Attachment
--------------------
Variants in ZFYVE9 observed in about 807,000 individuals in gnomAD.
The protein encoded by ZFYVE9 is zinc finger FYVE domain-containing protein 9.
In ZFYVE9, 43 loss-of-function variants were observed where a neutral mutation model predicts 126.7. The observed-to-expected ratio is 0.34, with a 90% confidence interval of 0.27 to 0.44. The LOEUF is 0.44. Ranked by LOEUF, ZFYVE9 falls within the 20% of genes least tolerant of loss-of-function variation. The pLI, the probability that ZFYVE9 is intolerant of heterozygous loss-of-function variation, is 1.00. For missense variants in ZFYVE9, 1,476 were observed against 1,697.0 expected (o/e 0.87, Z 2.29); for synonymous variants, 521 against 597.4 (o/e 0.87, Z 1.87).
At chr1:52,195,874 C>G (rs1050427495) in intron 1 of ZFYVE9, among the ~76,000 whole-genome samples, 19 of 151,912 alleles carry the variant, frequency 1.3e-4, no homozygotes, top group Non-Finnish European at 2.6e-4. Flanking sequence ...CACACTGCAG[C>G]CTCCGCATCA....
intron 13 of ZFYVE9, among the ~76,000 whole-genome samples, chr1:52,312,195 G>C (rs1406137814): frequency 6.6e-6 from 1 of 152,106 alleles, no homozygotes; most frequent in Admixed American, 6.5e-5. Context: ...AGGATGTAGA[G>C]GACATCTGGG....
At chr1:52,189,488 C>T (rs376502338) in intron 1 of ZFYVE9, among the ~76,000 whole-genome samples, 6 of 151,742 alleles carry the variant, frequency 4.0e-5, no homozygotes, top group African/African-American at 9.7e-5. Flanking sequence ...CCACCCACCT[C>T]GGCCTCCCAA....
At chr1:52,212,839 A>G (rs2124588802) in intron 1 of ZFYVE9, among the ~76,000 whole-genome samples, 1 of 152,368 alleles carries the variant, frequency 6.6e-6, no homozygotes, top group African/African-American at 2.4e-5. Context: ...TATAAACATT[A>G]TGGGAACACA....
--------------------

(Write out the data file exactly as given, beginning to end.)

Variants in ZFYVE9 observed in about 807,000 individuals in gnomAD.
The protein encoded by ZFYVE9 is zinc finger FYVE domain-containing protein 9.
In ZFYVE9, 43 loss-of-function variants were observed where a neutral mutation model predicts 126.7. The observed-to-expected ratio is 0.34, with a 90% confidence interval of 0.27 to 0.44. The LOEUF is 0.44. Ranked by LOEUF, ZFYVE9 falls within the 20% of genes least tolerant of loss-of-function variation. The pLI, the probability that ZFYVE9 is intolerant of heterozygous loss-of-function variation, is 1.00. For missense variants in ZFYVE9, 1,476 were observed against 1,697.0 expected (o/e 0.87, Z 2.29); for synonymous variants, 521 against 597.4 (o/e 0.87, Z 1.87).
At chr1:52,195,874 C>G (rs1050427495) in intron 1 of ZFYVE9, among the ~76,000 whole-genome samples, 19 of 151,912 alleles carry the variant, frequency 1.3e-4, no homozygotes, top group Non-Finnish European at 2.6e-4. Flanking sequence ...CACACTGCAG[C>G]CTCCGCATCA....
intron 13 of ZFYVE9, among the ~76,000 whole-genome samples, chr1:52,312,195 G>C (rs1406137814): frequency 6.6e-6 from 1 of 152,106 alleles, no homozygotes; most frequent in Admixed American, 6.5e-5. Context: ...AGGATGTAGA[G>C]GACATCTGGG....
At chr1:52,189,488 C>T (rs376502338) in intron 1 of ZFYVE9, among the ~76,000 whole-genome samples, 6 of 151,742 alleles carry the variant, frequency 4.0e-5, no homozygotes, top group African/African-American at 9.7e-5. Flanking sequence ...CCACCCACCT[C>T]GGCCTCCCAA....
At chr1:52,212,839 A>G (rs2124588802) in intron 1 of ZFYVE9, among the ~76,000 whole-genome samples, 1 of 152,368 alleles carries the variant, frequency 6.6e-6, no homozygotes, top group African/African-American at 2.4e-5. Context: ...TATAAACATT[A>G]TGGGAACACA....